|Denmark, South Carolina|
Location of Denmark, South Carolina
Denmark is located in northwest Bamberg County at
33°19′16″N 81°8′32″W (33.321173, -81.142289). U.S. Route 78 and U.S. Route 321 cross in Denmark just north of the downtown area. US 78 leads east 6 miles (10 km) to Bamberg, the county seat, and west 8 miles (13 km) to Blackville. US 321 leads north 9 miles (14 km) to Norway and south 7 miles (11 km) to Govan.
According to the United States Census Bureau, the city has a total area of 3.8 square miles (9.9 km2), of which 0.004 square miles (0.01 km2), or 0.09%, is water.
Denmark, Bamberg County, South Carolina, came into being as a railroading village by the earlier name of Graham's Turnout. An early pioneer planter by the name of Zachary "Big Zack" Graham was asked by the South Carolina Canal and Rail Road Company to allow the new railroading company, which began in 1830, to use some of his vast acreage in the area, which was back then the Barnwell District (that after the American Civil War became today's Bamberg County) for the use of his railroad's tracks. The South Carolina Canal and Rail Road Company had plans to lay their tracks from the eastern most terminal at Charleston, S. C., to the western most terminal at Hamburg, S. C. on the eastern banks of the Savannah River opposite Augusta, Georgia. Denmark was named for railroad executive B. A. Denmark.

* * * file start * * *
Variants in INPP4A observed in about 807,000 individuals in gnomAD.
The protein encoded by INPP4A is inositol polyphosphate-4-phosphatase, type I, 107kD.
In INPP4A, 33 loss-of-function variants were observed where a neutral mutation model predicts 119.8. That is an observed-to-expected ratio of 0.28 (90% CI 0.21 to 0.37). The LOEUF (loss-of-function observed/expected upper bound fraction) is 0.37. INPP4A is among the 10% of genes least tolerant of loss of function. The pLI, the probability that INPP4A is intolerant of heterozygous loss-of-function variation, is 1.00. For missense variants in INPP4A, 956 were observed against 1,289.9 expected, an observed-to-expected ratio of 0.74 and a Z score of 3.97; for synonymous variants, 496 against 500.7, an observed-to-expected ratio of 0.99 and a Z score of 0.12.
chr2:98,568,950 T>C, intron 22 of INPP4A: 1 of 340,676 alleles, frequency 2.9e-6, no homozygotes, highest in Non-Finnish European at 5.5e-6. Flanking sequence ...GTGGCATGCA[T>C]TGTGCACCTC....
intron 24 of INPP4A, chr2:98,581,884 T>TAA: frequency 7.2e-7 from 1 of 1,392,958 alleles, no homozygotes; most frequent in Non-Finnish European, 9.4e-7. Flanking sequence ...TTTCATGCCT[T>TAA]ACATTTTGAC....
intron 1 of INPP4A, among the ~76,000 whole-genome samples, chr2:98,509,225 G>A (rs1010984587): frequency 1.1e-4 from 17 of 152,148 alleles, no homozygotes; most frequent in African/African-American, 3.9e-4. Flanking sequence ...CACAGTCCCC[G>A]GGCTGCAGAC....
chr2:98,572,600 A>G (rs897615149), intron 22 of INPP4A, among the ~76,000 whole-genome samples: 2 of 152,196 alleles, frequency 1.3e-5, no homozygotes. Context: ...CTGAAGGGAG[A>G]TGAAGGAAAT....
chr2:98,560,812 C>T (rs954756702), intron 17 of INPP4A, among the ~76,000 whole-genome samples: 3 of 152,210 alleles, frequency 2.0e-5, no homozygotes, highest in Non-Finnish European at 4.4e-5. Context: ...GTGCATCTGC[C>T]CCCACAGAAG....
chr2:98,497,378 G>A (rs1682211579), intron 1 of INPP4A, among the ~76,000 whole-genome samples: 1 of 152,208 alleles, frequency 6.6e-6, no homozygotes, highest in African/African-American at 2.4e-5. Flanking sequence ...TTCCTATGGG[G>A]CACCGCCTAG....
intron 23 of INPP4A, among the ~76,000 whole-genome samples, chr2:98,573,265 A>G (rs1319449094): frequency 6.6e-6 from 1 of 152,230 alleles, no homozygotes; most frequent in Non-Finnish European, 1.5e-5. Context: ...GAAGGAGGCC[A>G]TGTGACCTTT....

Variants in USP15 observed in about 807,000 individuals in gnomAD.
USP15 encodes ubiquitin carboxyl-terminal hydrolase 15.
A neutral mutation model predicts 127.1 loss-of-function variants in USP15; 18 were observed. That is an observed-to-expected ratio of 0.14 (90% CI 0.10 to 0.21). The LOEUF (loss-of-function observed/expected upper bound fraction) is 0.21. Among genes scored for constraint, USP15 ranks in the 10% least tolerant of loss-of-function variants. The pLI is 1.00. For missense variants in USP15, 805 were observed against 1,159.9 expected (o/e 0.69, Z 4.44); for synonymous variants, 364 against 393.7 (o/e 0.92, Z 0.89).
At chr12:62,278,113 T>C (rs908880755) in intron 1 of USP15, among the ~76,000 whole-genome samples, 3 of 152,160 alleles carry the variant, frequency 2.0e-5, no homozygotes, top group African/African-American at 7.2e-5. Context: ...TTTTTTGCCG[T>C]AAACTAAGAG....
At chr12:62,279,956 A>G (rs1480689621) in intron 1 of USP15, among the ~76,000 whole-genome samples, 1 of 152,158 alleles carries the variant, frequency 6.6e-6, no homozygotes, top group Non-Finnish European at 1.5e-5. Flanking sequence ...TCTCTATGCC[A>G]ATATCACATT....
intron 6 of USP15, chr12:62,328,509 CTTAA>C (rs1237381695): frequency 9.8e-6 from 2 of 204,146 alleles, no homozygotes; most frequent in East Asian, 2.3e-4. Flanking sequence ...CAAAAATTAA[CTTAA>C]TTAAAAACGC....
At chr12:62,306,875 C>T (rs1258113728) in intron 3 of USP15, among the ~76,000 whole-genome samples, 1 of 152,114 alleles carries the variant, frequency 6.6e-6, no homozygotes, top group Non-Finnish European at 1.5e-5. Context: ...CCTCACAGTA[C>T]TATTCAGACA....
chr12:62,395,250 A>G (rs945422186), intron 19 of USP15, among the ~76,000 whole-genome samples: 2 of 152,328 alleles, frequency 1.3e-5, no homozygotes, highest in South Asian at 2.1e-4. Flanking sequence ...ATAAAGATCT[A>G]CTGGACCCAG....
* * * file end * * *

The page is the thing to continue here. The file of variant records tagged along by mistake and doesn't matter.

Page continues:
Once the SCCRR Company's tracks reached the Savannah River banks in Hamburg, it resulted in becoming the longest (over 130 miles) scheduled passenger and freight railroad in the world. The company's very first steam locomotive, built in the U.S.A., was named "The Best Friend of Charleston," and it made its first run from Charleston to Hamburg, S. C., in December 1833.
Graham's Turnout was one of the stations, or turnouts, on the trip to Hamburg from Charleston. Midway, Bamberg County, South Carolina, was the approximate half-way point of the trip, where the weary passengers could have a meal at the new eating place there, and, even take advantage of the new hotel. Many new railroading villages such as Graham's Turnout and Midway began to incorporate and develop along the 130 mile plus length of the new South Carolina Canal and Rail Road Company's transportation facilities.
The name of Graham's Turnout later, upon incorporation as a town, changed to Graham's, S. C., and, as a second railroading company intersected the east-west tracks, with their new north-south line—The South Bound Rail Road Company—the "old town" location of Graham's began to migrate to the west about a mile, or so, to locate at the intersection of the two major railroad companies' tracks and "Union Depot." The new community named the town Denmark, S. C., in honor of a Captain Denmark, who was an official and promoter of The South Bound Railroad.
The old town area of the former Graham's, then became known as "Sato", in honor of a Japanese military hero of those days. Sato has since become part of younger Denmark, South Carolina.